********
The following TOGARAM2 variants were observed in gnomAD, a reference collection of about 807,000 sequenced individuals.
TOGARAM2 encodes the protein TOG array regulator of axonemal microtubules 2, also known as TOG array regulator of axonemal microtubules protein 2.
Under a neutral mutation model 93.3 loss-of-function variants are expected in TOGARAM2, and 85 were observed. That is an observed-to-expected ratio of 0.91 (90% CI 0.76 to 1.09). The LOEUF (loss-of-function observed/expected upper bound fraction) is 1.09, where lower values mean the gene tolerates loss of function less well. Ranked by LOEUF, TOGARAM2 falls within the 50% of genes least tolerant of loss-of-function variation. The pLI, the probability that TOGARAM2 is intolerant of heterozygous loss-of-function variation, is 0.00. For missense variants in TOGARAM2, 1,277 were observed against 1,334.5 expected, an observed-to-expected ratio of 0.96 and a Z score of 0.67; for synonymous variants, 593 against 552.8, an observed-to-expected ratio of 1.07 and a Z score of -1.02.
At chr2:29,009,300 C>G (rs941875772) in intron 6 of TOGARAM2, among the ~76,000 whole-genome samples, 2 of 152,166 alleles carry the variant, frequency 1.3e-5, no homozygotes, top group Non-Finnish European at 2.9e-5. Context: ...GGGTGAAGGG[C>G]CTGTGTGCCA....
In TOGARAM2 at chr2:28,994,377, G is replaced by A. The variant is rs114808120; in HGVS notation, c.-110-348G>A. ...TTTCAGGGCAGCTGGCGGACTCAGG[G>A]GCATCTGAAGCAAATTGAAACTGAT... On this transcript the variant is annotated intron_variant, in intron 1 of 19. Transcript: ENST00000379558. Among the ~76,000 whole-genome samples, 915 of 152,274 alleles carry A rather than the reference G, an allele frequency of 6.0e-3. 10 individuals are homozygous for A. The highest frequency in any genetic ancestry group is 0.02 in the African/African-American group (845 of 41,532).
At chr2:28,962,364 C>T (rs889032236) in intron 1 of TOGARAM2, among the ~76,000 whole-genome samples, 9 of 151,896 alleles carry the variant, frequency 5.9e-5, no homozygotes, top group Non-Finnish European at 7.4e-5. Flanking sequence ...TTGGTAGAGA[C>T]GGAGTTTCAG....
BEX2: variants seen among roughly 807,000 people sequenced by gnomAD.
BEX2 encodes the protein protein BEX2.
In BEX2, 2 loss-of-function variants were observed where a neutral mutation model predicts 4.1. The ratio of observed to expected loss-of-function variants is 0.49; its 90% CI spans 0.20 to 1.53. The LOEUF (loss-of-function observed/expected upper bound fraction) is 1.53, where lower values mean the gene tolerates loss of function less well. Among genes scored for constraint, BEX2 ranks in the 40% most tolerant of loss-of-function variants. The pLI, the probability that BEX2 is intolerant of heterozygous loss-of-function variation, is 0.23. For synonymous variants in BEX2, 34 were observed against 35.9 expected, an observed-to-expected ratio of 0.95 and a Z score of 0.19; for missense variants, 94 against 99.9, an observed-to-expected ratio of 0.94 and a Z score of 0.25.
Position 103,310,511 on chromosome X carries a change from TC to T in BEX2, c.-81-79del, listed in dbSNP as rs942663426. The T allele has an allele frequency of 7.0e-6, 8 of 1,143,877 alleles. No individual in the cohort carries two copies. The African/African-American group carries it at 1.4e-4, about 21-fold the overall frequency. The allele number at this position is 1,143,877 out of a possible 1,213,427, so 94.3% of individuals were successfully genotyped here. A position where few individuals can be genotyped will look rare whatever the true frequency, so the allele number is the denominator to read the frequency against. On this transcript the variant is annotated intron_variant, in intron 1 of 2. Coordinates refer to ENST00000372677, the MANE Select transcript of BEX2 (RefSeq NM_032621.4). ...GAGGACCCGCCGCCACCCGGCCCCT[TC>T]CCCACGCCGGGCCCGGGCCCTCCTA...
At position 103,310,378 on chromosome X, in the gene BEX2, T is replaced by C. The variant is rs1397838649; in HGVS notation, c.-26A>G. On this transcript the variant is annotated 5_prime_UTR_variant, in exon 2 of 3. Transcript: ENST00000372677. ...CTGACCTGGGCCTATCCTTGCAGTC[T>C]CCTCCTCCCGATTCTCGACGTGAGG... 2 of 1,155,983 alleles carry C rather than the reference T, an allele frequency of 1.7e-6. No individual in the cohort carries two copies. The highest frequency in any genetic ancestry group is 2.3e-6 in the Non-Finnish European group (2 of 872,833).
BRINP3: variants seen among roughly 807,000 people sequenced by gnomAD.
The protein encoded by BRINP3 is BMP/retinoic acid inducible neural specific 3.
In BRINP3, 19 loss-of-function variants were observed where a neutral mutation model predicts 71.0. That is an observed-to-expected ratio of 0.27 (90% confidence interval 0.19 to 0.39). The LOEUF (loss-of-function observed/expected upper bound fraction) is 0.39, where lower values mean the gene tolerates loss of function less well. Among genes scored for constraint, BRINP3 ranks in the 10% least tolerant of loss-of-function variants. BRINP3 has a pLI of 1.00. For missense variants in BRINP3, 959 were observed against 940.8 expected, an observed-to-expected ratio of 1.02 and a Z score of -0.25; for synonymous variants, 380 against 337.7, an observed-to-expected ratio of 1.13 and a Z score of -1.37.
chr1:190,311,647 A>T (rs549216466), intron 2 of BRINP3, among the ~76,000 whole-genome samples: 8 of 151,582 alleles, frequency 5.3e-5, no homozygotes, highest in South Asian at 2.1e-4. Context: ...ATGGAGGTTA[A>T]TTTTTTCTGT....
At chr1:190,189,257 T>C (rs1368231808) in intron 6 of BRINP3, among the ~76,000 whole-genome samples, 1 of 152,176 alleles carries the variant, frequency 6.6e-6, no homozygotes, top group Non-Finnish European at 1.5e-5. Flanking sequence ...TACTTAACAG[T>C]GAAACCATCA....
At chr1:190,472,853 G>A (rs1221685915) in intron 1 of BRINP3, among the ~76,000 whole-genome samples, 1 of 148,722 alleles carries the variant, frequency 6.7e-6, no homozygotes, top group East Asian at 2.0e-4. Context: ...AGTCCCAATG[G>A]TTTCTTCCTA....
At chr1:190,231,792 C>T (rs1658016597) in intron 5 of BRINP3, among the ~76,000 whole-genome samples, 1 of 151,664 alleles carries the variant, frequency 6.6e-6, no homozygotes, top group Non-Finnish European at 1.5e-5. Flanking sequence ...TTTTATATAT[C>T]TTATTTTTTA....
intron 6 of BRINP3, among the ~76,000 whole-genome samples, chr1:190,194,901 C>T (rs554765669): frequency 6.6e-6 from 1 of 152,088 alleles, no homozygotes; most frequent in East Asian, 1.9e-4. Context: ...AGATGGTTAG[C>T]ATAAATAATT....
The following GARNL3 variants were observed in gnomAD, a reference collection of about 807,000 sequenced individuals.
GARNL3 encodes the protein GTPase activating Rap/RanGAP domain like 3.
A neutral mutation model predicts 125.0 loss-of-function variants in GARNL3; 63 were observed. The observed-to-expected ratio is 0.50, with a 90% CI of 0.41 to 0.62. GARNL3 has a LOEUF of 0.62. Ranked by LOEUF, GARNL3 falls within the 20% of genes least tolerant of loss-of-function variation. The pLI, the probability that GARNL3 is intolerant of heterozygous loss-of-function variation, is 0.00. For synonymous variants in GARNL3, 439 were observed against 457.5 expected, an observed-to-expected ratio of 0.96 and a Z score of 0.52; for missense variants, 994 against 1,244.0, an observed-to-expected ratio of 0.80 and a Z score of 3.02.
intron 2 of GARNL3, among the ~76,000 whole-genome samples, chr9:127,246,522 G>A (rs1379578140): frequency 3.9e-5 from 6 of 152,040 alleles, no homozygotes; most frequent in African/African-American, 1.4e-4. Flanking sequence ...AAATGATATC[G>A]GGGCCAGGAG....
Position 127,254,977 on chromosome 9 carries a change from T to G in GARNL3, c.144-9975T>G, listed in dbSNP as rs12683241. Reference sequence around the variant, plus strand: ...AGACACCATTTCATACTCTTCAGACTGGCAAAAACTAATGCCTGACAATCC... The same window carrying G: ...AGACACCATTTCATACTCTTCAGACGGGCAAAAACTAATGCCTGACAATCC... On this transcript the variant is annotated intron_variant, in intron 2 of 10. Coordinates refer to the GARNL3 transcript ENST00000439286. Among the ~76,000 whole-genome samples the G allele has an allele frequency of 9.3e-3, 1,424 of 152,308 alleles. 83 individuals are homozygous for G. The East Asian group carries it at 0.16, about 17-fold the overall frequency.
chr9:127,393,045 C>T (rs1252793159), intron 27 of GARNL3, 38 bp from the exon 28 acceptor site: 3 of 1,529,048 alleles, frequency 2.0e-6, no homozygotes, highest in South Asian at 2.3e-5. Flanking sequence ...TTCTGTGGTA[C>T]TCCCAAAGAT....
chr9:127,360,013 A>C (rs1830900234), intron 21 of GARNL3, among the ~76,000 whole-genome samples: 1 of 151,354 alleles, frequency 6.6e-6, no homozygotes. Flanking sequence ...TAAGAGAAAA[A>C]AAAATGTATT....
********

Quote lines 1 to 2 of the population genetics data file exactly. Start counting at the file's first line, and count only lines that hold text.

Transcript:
The following TOGARAM2 variants were observed in gnomAD, a reference collection of about 807,000 sequenced individuals.
TOGARAM2 encodes the protein TOG array regulator of axonemal microtubules 2, also known as TOG array regulator of axonemal microtubules protein 2.